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Young Sheldon Season 5 Creates A Big Bang Theory Leonard Plot Hole

Young Sheldon season 5 premiere creates a new The Big Bang Theory plot hole, this time, regarding Sheldon’s reaction to Leonard’s nasal operation.

The Young Sheldon season 5 premiere creates a The Big Bang Theory plot hole involving Leonard (Johnny Galecki). The much-anticipated return of the CBS sitcom finally happened with the episode titled “One Bad Night and Chaos of Selfish Desires.” But while it mainly focused on dealing with the subsequent events of George (Lance Barber) and Brenda’s (Melisa Peterman) night at the bar, the spin-off still managed to pose new inconsistencies between it and its parent series.

As the only two characters from the original pilot who made it into the actual series, Sheldon (Jim Parsons) and Leonard’s friendship was The Big Bang Theory’s main relationship. The pair went through a lot over the years and despite occasional arguments, they were able to maintain their bond until the series wrapped up after 12 seasons. Leonard actually deserves most of the credit, since he’d been very patient and understanding of his roommate’s many oddities. That includes Sheldon getting very paranoid about his friend’s nose operation and trying everything to dissuade him from going through with it, even if the procedure was advised by his doctor.

In The Big Bang Theory season 8, episode 9 “The Septum Deviation,” Leonard’s physician informs him that he needs surgery because he has a deviated septum. Upon learning this, Sheldon quickly starts panicking, appalled by the idea that his best friend would risk going under the knife. He becomes so paranoid in fact, that he actively tries to convince Leonard that the safest course of action is to just ignore his medical condition altogether. Despite Sheldon crunching numbers to determine the odds of his friend dying, Leonard is firm in his decision to go through with the surgery. Expectedly, everything goes smoothly and nothing bad happens to him. Still, Sheldon’s reaction to Leonard’s medical procedure is so odd, especially since he has apparently been a proponent of modern medicine ever since he was a kid.

This is revealed in the Young Sheldon season 5 premiere where George is rushed to the hospital after suffering from chest pains while at the pub with Brenda. When Mary (Zoe Perry) is informed of her husband’s health scare, she attempts to gather all their children only to realize that none of them are in their rooms. Eventually, Meemaw (Annie Potts) and Georgie (Montana Jordan) find the twins and bring them back home. Once George’s status is clear, the kids’ grandmother delivers the good news that their dad will be sent home in a few days. Missy thanks God for this welcome development, but Sheldon counters her saying, “thank modern medicine.” If Sheldon had faith in medicine back then, acknowledging that it’s the reason that the Cooper patriarch could come home after suffering a mini heart attack, why was he so afraid of Leonard going through a relatively easy medical procedure in The Big Bang Theory?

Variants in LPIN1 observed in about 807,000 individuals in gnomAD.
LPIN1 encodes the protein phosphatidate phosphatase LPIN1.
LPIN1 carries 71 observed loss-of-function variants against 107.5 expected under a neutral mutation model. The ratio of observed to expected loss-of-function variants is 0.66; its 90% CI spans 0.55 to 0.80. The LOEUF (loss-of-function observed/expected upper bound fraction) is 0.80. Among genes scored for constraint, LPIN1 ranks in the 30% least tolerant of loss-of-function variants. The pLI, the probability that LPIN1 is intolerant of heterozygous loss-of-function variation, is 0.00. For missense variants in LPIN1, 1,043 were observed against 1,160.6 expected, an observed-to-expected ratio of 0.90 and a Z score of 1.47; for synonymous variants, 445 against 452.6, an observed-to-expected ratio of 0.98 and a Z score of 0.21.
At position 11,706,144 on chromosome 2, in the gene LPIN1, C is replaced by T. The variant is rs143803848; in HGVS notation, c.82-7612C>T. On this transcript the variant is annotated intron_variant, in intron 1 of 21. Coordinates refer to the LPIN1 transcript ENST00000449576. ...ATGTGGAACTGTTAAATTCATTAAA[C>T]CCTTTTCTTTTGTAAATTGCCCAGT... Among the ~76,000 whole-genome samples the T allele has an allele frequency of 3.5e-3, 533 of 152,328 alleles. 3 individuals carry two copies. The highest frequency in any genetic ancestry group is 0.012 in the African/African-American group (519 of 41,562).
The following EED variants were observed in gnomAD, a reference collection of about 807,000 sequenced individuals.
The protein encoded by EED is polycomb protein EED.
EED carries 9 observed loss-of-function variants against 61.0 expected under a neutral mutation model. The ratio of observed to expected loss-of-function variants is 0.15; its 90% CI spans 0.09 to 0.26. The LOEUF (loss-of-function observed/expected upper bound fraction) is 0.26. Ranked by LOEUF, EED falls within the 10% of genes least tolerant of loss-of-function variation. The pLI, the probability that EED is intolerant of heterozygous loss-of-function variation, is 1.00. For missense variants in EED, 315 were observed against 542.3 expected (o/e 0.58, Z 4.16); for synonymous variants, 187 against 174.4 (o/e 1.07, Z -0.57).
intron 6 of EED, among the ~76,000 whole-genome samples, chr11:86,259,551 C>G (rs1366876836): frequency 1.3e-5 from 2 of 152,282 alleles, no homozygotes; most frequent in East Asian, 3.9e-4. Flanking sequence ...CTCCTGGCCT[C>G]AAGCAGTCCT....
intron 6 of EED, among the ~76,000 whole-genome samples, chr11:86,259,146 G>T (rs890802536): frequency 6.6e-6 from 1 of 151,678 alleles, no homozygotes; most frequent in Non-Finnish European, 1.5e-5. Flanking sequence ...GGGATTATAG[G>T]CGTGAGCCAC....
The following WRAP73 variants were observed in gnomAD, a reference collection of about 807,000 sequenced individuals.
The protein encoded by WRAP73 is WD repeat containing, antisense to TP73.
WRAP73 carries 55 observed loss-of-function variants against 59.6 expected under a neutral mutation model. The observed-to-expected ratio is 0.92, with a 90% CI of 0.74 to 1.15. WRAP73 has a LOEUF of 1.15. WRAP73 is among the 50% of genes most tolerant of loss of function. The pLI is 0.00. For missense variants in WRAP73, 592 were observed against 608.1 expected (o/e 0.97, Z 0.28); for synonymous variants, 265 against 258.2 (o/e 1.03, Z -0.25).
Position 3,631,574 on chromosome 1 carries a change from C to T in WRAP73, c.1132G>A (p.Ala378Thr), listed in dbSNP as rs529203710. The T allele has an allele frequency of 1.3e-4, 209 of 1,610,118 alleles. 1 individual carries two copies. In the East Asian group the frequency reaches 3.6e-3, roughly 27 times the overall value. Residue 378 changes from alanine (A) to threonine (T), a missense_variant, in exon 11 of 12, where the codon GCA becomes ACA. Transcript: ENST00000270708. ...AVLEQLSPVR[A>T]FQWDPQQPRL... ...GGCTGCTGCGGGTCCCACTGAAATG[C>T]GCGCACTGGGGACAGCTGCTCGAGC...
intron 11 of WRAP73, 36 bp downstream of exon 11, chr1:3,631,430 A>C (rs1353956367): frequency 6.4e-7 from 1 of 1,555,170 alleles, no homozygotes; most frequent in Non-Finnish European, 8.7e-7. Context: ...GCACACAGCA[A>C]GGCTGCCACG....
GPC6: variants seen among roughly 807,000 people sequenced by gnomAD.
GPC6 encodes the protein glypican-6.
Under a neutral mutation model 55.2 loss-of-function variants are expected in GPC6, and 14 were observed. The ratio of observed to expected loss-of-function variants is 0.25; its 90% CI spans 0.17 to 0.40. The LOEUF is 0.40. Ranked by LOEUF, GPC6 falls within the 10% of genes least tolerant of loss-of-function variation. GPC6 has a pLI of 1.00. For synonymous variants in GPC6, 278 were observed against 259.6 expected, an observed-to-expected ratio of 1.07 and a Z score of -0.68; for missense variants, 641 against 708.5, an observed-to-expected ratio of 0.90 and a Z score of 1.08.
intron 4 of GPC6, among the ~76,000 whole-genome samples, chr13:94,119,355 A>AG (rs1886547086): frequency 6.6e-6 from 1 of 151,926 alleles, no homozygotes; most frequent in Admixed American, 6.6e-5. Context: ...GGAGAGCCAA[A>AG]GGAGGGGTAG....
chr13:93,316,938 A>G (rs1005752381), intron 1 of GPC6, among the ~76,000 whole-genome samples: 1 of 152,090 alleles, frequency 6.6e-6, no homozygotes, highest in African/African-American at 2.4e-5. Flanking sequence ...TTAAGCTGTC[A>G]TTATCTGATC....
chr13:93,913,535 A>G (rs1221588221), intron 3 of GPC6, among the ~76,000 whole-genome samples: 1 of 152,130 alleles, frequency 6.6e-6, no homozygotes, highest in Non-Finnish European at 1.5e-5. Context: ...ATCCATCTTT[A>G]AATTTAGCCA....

It’s difficult to change Sheldon’s mind and his ways. Once he decides on something, chances are that he will stick to that notion until the end—unless he discovers something that proves his previous stance wrong. Obviously, a lot of time has passed by the time Sheldon attempts to dissuade Leonard from having the surgery in The Big Bang Theory after having full faith in it in Young Sheldon. And though it appears to be yet another character discrepancy between the shows, there is the possibility that it’s a matter of character growth. Sheldon hadn’t come to care for anyone as much as he did for Leonard as he faced his operation, and while Sheldon’s commitment to statistics and empirical evidence is usually unwavering, it is perhaps the suggestion of his love for his friend that destabilizes him. After all, when Sheldon learns that Penny is considering breaking up with Leonard (in season 6’s The Decoupling Fluctuation) he pleads with her “please, don’t hurt my friend” while maintaining the pretence of hating change. Seemingly, Sheldon’s love clashes with his logic, which may be an explanation for the plot-hole.

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